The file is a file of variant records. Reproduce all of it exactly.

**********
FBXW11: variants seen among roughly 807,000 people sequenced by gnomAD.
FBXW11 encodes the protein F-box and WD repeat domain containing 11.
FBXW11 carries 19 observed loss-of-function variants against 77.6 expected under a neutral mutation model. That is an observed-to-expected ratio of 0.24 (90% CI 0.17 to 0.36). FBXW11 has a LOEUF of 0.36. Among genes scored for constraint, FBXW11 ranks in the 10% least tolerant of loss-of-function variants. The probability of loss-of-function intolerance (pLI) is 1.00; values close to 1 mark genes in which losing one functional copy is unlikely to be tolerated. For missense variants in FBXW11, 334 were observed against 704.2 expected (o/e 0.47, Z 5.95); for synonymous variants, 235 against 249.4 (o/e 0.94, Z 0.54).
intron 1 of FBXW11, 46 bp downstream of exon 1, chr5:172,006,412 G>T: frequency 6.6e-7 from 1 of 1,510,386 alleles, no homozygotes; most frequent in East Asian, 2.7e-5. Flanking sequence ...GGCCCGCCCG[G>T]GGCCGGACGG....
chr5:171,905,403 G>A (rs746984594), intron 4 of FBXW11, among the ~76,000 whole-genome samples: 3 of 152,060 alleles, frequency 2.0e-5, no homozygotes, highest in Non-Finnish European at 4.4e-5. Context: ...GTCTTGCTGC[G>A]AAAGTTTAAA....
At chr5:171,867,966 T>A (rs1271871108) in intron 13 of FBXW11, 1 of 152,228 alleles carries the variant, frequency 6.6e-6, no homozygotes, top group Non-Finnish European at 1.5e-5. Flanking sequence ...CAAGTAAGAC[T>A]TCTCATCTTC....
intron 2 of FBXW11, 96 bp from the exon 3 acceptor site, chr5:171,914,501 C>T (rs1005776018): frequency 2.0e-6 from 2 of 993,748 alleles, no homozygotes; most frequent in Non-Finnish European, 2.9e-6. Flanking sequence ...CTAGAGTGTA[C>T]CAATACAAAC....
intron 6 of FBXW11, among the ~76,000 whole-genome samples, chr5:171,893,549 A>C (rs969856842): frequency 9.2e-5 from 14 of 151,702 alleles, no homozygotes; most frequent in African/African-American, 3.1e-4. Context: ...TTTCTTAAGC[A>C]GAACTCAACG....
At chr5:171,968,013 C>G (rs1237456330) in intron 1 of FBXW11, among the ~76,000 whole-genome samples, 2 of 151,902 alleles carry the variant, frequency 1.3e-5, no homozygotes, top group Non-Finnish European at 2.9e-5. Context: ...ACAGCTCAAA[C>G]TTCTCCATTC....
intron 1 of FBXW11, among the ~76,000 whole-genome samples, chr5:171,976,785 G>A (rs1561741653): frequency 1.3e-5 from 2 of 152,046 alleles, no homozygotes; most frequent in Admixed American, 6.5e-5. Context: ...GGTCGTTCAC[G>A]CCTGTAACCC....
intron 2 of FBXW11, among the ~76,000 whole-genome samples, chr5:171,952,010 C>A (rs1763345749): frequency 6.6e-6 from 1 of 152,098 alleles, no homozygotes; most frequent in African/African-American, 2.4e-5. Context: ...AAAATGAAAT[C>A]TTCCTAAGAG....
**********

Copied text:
FBXW11: variants seen among roughly 807,000 people sequenced by gnomAD.
FBXW11 encodes the protein F-box and WD repeat domain containing 11.
FBXW11 carries 19 observed loss-of-function variants against 77.6 expected under a neutral mutation model. That is an observed-to-expected ratio of 0.24 (90% CI 0.17 to 0.36). FBXW11 has a LOEUF of 0.36. Among genes scored for constraint, FBXW11 ranks in the 10% least tolerant of loss-of-function variants. The probability of loss-of-function intolerance (pLI) is 1.00; values close to 1 mark genes in which losing one functional copy is unlikely to be tolerated. For missense variants in FBXW11, 334 were observed against 704.2 expected (o/e 0.47, Z 5.95); for synonymous variants, 235 against 249.4 (o/e 0.94, Z 0.54).
intron 1 of FBXW11, 46 bp downstream of exon 1, chr5:172,006,412 G>T: frequency 6.6e-7 from 1 of 1,510,386 alleles, no homozygotes; most frequent in East Asian, 2.7e-5. Flanking sequence ...GGCCCGCCCG[G>T]GGCCGGACGG....
chr5:171,905,403 G>A (rs746984594), intron 4 of FBXW11, among the ~76,000 whole-genome samples: 3 of 152,060 alleles, frequency 2.0e-5, no homozygotes, highest in Non-Finnish European at 4.4e-5. Context: ...GTCTTGCTGC[G>A]AAAGTTTAAA....
At chr5:171,867,966 T>A (rs1271871108) in intron 13 of FBXW11, 1 of 152,228 alleles carries the variant, frequency 6.6e-6, no homozygotes, top group Non-Finnish European at 1.5e-5. Flanking sequence ...CAAGTAAGAC[T>A]TCTCATCTTC....
intron 2 of FBXW11, 96 bp from the exon 3 acceptor site, chr5:171,914,501 C>T (rs1005776018): frequency 2.0e-6 from 2 of 993,748 alleles, no homozygotes; most frequent in Non-Finnish European, 2.9e-6. Flanking sequence ...CTAGAGTGTA[C>T]CAATACAAAC....
intron 6 of FBXW11, among the ~76,000 whole-genome samples, chr5:171,893,549 A>C (rs969856842): frequency 9.2e-5 from 14 of 151,702 alleles, no homozygotes; most frequent in African/African-American, 3.1e-4. Context: ...TTTCTTAAGC[A>C]GAACTCAACG....
At chr5:171,968,013 C>G (rs1237456330) in intron 1 of FBXW11, among the ~76,000 whole-genome samples, 2 of 151,902 alleles carry the variant, frequency 1.3e-5, no homozygotes, top group Non-Finnish European at 2.9e-5. Context: ...ACAGCTCAAA[C>G]TTCTCCATTC....
intron 1 of FBXW11, among the ~76,000 whole-genome samples, chr5:171,976,785 G>A (rs1561741653): frequency 1.3e-5 from 2 of 152,046 alleles, no homozygotes; most frequent in Admixed American, 6.5e-5. Context: ...GGTCGTTCAC[G>A]CCTGTAACCC....
intron 2 of FBXW11, among the ~76,000 whole-genome samples, chr5:171,952,010 C>A (rs1763345749): frequency 6.6e-6 from 1 of 152,098 alleles, no homozygotes; most frequent in African/African-American, 2.4e-5. Context: ...AAAATGAAAT[C>A]TTCCTAAGAG....